With the latest CPI numbers stoking interest in the "transitory" vs. "not-so-transitory" inflation debate, it's perhaps fitting that the latest MacroVoices interview featured Macquarie global equities strategist Viktor Shvets, who explained why he believes the world is entering a new era where the deflationary pressures produced by technology-induced improvements in productivity will create a "race to zero" that will see prices continue to fall.
However, Shvets believes that over the next 10 to 20 years, inflation and deflation will act more like opposite sides of a pendulum that occasionally swings back and forth.
On the inflationary side, one new development is the dominance of fiscal policy over monetary policy in terms of their impact on the market. An innovation inspired by COVID-19 that Shvetz expects will increasingly become the norm in the US. As the younger generation embraces "socialism", the US government will likely increasingly pay for medicine and even a universal basic income for those who don't work (and perhaps even for those who do).
Just this week, the Biden Administration introduced new handouts for families with young children.
And the third element is a deglobalization and localization that's going to continue to strengthen. So what you have in the next 10 to 20 years, two very powerful forces are going to struggle. One is very strong, long term disinflationary force, which ultimately is going to win. And the other one is more inflation created from various things we're going to do over the next 10 to 20 years. Now, the interesting question, Erik is who is going to decide whether inflation or disinflation wins at any given point in time? Now, my personal view for quite some time has been that private sector will never walk again on this system.
While Shvetz doesn't believe in systematic inflation, he believes in systematic disinflation.
The reason is that technology has turbocharged the spirit of competition. And the same deflationary forces that gave us free music, free equity trades and free digital news will soon get to work on other aspects of the economy, until prices are falling on nearly all goods and services.
So if one agrees with me, that cost of capital must fall forever, then it's like pouring a kerosene on a bonfire of technological age. And what technology does incredibly well is reducing marginal pricing power of both labor and capital, and corporates, and brands. And so what happens over time, those reduction in marginal pricing power converges into average pricing power, which also declines. And eventually, almost everything becomes free. There is no prices, just like information today is almost entirely free. Just like publications today, almost entirely free, just like trading on the New York Stock Exchange quite, not quite, but almost entirely free. Just like a lot of music is almost entirely free. So we already have massively reduced marginal pricing power in a lot of industries. We've already reduced marginal pricing power of labor.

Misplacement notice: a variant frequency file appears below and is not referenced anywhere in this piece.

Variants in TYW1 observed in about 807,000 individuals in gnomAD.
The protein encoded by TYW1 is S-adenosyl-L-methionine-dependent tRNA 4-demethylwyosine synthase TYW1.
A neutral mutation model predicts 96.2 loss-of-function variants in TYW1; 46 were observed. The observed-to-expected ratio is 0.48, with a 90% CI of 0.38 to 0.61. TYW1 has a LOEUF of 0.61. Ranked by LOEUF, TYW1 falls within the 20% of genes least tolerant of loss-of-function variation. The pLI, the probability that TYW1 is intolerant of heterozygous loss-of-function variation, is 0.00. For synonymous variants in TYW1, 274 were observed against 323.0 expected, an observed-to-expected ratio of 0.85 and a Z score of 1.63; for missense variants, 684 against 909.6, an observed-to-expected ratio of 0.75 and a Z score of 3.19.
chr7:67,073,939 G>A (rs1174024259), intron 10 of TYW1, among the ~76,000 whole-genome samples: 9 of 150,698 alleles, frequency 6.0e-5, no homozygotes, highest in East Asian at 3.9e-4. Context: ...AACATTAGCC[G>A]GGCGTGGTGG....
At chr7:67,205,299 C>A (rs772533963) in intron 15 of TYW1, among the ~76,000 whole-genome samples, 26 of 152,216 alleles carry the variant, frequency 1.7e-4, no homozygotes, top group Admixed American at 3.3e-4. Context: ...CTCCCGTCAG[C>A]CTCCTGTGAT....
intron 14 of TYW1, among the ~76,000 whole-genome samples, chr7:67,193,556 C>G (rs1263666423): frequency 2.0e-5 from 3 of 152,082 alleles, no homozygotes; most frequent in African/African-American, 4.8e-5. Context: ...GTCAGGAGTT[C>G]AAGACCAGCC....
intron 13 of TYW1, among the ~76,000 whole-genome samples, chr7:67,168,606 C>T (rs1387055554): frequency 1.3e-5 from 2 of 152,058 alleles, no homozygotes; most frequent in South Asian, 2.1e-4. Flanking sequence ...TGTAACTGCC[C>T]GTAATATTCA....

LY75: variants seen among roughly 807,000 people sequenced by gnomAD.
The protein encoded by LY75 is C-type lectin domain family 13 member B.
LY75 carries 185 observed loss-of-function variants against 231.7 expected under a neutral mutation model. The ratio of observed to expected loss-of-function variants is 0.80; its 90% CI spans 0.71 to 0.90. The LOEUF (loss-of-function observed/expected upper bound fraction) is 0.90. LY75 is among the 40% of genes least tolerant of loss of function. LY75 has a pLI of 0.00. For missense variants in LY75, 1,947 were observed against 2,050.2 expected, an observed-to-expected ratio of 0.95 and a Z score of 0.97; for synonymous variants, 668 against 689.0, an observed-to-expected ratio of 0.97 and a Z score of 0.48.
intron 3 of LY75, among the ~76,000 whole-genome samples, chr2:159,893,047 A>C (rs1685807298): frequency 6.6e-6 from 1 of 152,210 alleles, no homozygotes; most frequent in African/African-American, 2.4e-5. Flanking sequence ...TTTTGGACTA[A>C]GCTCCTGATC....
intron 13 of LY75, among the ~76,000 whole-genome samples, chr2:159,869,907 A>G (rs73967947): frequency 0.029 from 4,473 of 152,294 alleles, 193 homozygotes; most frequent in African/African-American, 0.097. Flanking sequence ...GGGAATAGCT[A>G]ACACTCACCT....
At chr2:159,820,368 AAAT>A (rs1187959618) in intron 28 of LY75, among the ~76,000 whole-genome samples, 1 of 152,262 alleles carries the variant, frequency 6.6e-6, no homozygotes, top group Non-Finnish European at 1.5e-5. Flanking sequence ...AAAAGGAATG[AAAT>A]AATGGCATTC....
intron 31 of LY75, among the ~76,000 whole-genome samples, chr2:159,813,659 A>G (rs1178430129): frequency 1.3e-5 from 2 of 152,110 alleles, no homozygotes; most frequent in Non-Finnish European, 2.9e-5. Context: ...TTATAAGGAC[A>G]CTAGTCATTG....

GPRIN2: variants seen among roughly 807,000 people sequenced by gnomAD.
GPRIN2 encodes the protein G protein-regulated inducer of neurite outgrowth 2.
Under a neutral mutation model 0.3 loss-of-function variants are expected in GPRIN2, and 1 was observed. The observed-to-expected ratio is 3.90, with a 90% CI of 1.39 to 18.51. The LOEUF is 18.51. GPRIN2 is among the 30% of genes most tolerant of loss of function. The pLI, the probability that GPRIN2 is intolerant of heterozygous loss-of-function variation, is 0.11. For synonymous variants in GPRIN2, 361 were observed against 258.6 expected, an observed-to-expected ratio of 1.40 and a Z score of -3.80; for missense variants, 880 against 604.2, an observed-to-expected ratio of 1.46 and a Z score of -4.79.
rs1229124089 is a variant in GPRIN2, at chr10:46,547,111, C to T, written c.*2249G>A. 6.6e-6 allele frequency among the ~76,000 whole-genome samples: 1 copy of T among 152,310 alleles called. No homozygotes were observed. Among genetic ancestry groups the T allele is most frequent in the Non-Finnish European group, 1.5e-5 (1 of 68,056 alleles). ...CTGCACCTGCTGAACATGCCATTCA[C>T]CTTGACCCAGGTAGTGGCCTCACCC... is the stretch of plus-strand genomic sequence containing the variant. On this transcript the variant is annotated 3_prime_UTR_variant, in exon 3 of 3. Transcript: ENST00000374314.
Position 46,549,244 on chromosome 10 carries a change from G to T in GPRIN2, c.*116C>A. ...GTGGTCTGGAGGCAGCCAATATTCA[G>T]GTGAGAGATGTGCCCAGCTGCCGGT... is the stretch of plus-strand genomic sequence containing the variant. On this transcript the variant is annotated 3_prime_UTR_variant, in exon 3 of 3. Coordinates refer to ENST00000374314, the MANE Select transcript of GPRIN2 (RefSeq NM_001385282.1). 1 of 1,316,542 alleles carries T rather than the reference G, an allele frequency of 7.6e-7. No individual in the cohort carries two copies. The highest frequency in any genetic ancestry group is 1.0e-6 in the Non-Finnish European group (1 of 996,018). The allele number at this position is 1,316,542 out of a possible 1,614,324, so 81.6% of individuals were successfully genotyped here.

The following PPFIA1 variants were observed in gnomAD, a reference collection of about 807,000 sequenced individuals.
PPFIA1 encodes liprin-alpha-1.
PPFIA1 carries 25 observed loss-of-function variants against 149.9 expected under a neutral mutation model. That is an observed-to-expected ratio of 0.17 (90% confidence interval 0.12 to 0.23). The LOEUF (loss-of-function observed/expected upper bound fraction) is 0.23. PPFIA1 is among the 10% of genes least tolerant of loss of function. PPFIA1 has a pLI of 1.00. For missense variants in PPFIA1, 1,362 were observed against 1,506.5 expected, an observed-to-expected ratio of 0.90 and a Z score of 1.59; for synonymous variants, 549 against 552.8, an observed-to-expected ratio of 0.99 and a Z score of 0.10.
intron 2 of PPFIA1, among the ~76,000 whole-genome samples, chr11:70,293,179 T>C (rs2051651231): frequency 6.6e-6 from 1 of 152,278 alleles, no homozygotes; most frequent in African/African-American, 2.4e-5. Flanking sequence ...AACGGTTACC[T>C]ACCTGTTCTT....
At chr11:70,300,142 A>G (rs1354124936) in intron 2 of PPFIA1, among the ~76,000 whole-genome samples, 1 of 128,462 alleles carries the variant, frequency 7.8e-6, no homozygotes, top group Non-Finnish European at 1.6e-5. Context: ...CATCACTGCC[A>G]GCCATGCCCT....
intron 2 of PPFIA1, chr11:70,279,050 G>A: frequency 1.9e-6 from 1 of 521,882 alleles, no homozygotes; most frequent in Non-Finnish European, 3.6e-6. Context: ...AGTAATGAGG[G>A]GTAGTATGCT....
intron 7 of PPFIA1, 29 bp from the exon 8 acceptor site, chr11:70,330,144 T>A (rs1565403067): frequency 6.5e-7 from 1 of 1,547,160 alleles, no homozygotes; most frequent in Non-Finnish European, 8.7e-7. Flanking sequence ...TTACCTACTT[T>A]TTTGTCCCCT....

Shvetz even cited research from McKinsey and others to justify his "everything goes to zero" thesis about long-term price deflation.
That's why McKinsey in their review, was estimating that the impact of information age could be 3000 times the impact of industrial age. In other words, much broader and much faster, 300 times broader, 10 times faster. And so when I say everything goes to zero, eventually, the productivity growth rates will be so high, that there will be no need to value any of that stuff. And the economists are not going to function the same way as I've done over the last two or 300 years.
Moving on to a discussion of contemporary markets, Townsend asked Shvetz for his view on interest rates. Is the only rational direction for Treasury yields higher? To this, Shvetz offered a detail answer grounded in history. As government debt burdens have soared, the only way forward for central banks is to follow the BoJ and artificially repress yields as central banks buy up the entire market.
Well, it reminds me what people were saying about Japan. Remember in 1990s and early 2000. The view was that if God forbid Japan ever ignites inflation, they immediately go bankrupt because the government will be spending 50, 60, 70% of their budget just servicing the debt. Now, how much do you think Japanese Government today is spending on servicing debt 4%. Not 50, not 40, not 80, 4%. And the debt burden is much, much larger than what it used to be. Now a lot of people say, well, you know, Japan is unique.
Okay, let's look at Eurozone. How unique is Eurozone? Look at the UK? How unique is the United Kingdom? And if you think of the US. One of the things that is becoming very clear, is that what happened in Japan since early 90s. What happened in Eurozone since global financial crisis over the last five or six years started to happen in the US as well. And a basic sort of signal that the US is sending now, just like the other economies do, it's not about supply of money. It's about demand for money. It's not about supply of credit.
It's about demand for credit. And increasingly, the more we leverage, the more we financialize, the more we erode marginal demand for credit. Now, what that implies is that interest rates not only they cannot go up, but they will not go up. And by the way, if they do, remember, we always have perpetuals, which have no value at all, because they're never redeemable.
On the horizon, we have MMT or modern monetary theory. We already have BoJ. Remember the has been monetizing more debt that the Government of Japan has been issuing. That's why they're sitting on 50 to 53% of JGB market. Eventually, you don't need the JGB market at some point in time.
Echoing a point made by Jeffrey Gundlach, Shvetz points to the fact that on top of its burgeoning debt, the US also has hundreds of billions of dollars in unfunded liabilities.
Readers can listen to the entire interview below courtesy of MacroVoices: